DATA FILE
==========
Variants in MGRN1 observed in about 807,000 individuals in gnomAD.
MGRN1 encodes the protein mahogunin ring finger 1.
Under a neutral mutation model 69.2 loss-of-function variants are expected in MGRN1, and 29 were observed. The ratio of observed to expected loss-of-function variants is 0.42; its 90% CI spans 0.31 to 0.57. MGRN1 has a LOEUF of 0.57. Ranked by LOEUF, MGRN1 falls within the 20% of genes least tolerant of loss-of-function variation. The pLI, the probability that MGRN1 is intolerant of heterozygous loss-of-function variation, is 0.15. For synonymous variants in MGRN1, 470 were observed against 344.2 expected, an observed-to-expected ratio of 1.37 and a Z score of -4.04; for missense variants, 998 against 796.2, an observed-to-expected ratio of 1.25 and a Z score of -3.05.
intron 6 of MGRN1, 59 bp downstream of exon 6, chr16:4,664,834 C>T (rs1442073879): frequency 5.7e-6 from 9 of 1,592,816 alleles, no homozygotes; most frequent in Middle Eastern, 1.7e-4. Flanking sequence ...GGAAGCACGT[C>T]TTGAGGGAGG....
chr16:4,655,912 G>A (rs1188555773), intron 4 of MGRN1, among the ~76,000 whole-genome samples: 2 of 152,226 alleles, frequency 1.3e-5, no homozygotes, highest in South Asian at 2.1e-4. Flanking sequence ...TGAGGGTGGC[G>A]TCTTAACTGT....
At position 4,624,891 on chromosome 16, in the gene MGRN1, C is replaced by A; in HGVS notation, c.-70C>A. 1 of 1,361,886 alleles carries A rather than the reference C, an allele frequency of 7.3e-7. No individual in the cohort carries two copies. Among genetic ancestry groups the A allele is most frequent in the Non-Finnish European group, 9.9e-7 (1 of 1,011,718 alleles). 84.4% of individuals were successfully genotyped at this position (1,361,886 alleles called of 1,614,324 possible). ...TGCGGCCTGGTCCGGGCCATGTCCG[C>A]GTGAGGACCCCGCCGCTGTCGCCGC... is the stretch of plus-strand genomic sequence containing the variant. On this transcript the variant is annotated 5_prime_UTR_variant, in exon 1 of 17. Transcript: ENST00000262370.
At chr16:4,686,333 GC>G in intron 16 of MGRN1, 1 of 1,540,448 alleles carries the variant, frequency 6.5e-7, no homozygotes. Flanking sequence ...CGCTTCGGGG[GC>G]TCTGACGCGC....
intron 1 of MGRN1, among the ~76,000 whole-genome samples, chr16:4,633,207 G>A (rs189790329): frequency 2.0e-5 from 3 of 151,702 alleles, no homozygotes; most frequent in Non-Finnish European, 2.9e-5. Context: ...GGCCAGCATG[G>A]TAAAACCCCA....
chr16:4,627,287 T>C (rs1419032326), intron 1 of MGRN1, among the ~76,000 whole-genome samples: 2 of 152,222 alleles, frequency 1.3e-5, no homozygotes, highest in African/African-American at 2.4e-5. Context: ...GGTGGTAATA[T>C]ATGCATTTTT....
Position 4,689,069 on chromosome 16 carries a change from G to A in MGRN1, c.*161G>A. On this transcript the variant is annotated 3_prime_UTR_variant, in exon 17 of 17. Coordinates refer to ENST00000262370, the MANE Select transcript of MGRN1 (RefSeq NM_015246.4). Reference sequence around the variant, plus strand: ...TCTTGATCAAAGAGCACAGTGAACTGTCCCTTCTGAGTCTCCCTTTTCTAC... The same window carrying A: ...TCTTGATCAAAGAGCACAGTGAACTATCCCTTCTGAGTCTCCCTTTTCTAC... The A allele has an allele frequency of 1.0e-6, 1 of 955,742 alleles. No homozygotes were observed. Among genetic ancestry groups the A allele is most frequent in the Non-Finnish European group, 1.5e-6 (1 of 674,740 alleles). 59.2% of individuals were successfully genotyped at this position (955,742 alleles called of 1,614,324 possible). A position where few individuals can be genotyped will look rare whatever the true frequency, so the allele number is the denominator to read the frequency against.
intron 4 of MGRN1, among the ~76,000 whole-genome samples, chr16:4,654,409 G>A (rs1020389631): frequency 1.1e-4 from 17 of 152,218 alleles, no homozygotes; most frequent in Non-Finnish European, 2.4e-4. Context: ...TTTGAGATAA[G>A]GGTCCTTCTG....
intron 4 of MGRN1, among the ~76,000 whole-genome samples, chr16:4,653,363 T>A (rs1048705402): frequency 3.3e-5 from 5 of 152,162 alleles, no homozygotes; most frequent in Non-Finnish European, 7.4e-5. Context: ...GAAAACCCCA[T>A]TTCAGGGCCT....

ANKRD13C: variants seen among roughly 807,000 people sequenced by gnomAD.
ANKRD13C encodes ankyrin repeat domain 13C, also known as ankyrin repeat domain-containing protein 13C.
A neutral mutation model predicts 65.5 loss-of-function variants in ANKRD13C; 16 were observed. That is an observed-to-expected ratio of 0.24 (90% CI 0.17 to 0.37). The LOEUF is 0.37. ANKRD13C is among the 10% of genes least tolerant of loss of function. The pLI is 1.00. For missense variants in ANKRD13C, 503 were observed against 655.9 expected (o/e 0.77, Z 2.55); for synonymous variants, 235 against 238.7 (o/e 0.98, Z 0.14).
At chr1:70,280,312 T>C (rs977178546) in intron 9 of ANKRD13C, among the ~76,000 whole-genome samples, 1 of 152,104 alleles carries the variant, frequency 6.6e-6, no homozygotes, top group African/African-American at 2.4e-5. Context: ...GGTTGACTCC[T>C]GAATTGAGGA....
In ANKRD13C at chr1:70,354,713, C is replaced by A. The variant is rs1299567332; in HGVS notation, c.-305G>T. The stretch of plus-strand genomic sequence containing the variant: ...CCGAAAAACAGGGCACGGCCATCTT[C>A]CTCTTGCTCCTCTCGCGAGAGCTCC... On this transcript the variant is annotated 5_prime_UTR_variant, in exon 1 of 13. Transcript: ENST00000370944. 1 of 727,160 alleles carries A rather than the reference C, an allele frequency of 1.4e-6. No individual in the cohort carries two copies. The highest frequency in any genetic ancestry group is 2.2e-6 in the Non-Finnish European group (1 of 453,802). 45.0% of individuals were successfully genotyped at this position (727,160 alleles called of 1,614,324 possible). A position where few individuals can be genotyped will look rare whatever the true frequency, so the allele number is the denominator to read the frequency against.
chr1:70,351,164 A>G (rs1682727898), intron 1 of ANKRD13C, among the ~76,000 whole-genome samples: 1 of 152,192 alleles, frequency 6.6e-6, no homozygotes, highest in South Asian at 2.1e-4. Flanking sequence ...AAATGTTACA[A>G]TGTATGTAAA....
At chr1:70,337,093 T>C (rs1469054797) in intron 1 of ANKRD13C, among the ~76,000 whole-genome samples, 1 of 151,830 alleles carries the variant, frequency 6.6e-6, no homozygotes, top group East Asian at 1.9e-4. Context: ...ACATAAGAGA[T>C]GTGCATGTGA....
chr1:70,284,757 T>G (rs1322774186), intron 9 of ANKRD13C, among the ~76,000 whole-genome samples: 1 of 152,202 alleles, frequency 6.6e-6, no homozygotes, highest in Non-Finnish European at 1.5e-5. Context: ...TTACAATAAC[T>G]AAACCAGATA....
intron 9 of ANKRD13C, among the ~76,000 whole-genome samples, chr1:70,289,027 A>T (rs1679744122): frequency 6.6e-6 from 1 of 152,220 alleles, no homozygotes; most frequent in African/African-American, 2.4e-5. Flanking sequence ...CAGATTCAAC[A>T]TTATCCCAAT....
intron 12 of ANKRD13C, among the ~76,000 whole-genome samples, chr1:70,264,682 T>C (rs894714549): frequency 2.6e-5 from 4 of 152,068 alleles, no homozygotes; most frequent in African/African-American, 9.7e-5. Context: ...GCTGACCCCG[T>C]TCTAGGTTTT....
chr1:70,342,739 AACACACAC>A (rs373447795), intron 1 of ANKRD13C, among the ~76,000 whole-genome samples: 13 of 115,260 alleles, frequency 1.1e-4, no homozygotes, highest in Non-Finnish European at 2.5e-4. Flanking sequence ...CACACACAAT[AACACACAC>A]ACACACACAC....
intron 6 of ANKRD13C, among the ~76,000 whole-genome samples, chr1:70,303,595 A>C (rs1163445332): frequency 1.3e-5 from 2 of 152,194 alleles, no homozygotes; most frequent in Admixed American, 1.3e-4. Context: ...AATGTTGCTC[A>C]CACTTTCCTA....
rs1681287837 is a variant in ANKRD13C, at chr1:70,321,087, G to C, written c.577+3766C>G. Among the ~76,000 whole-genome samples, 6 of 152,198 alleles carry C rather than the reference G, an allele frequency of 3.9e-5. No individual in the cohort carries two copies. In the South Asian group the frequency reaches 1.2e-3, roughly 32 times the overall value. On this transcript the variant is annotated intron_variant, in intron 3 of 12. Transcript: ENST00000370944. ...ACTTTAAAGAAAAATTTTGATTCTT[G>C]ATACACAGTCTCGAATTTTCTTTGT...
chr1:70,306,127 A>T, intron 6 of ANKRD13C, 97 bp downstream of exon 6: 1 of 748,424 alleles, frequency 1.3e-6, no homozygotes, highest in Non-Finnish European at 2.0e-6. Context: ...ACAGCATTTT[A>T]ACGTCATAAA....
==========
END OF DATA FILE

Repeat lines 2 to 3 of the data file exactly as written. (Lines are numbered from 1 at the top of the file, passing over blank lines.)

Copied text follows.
MGRN1 encodes the protein mahogunin ring finger 1.
Under a neutral mutation model 69.2 loss-of-function variants are expected in MGRN1, and 29 were observed. The ratio of observed to expected loss-of-function variants is 0.42; its 90% CI spans 0.31 to 0.57. MGRN1 has a LOEUF of 0.57. Ranked by LOEUF, MGRN1 falls within the 20% of genes least tolerant of loss-of-function variation. The pLI, the probability that MGRN1 is intolerant of heterozygous loss-of-function variation, is 0.15. For synonymous variants in MGRN1, 470 were observed against 344.2 expected, an observed-to-expected ratio of 1.37 and a Z score of -4.04; for missense variants, 998 against 796.2, an observed-to-expected ratio of 1.25 and a Z score of -3.05.